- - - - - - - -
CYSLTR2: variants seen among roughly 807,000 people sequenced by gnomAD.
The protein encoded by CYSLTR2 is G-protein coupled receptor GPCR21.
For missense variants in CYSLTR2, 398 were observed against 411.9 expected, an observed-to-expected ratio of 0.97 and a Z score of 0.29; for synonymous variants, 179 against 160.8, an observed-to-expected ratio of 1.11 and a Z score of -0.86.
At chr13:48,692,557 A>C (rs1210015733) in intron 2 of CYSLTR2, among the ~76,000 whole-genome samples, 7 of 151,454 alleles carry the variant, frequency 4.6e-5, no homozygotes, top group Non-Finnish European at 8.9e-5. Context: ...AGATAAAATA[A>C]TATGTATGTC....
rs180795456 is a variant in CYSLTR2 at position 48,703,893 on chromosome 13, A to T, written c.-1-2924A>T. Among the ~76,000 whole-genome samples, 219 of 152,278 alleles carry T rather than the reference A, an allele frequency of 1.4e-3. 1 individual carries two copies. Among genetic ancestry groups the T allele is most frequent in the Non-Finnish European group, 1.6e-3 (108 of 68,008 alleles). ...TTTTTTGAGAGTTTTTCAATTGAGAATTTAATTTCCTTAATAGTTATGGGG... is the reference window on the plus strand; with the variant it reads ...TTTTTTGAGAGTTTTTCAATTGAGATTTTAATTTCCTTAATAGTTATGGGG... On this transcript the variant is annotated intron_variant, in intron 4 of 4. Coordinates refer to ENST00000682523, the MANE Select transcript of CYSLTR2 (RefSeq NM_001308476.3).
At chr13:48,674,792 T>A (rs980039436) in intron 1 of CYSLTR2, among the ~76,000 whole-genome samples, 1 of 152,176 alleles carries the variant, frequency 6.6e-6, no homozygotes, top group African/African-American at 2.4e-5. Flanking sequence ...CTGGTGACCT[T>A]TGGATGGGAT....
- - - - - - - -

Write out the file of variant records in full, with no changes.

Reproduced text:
CYSLTR2: variants seen among roughly 807,000 people sequenced by gnomAD.
The protein encoded by CYSLTR2 is G-protein coupled receptor GPCR21.
For missense variants in CYSLTR2, 398 were observed against 411.9 expected, an observed-to-expected ratio of 0.97 and a Z score of 0.29; for synonymous variants, 179 against 160.8, an observed-to-expected ratio of 1.11 and a Z score of -0.86.
At chr13:48,692,557 A>C (rs1210015733) in intron 2 of CYSLTR2, among the ~76,000 whole-genome samples, 7 of 151,454 alleles carry the variant, frequency 4.6e-5, no homozygotes, top group Non-Finnish European at 8.9e-5. Context: ...AGATAAAATA[A>C]TATGTATGTC....
rs180795456 is a variant in CYSLTR2 at position 48,703,893 on chromosome 13, A to T, written c.-1-2924A>T. Among the ~76,000 whole-genome samples, 219 of 152,278 alleles carry T rather than the reference A, an allele frequency of 1.4e-3. 1 individual carries two copies. Among genetic ancestry groups the T allele is most frequent in the Non-Finnish European group, 1.6e-3 (108 of 68,008 alleles). ...TTTTTTGAGAGTTTTTCAATTGAGAATTTAATTTCCTTAATAGTTATGGGG... is the reference window on the plus strand; with the variant it reads ...TTTTTTGAGAGTTTTTCAATTGAGATTTTAATTTCCTTAATAGTTATGGGG... On this transcript the variant is annotated intron_variant, in intron 4 of 4. Coordinates refer to ENST00000682523, the MANE Select transcript of CYSLTR2 (RefSeq NM_001308476.3).
At chr13:48,674,792 T>A (rs980039436) in intron 1 of CYSLTR2, among the ~76,000 whole-genome samples, 1 of 152,176 alleles carries the variant, frequency 6.6e-6, no homozygotes, top group African/African-American at 2.4e-5. Flanking sequence ...CTGGTGACCT[T>A]TGGATGGGAT....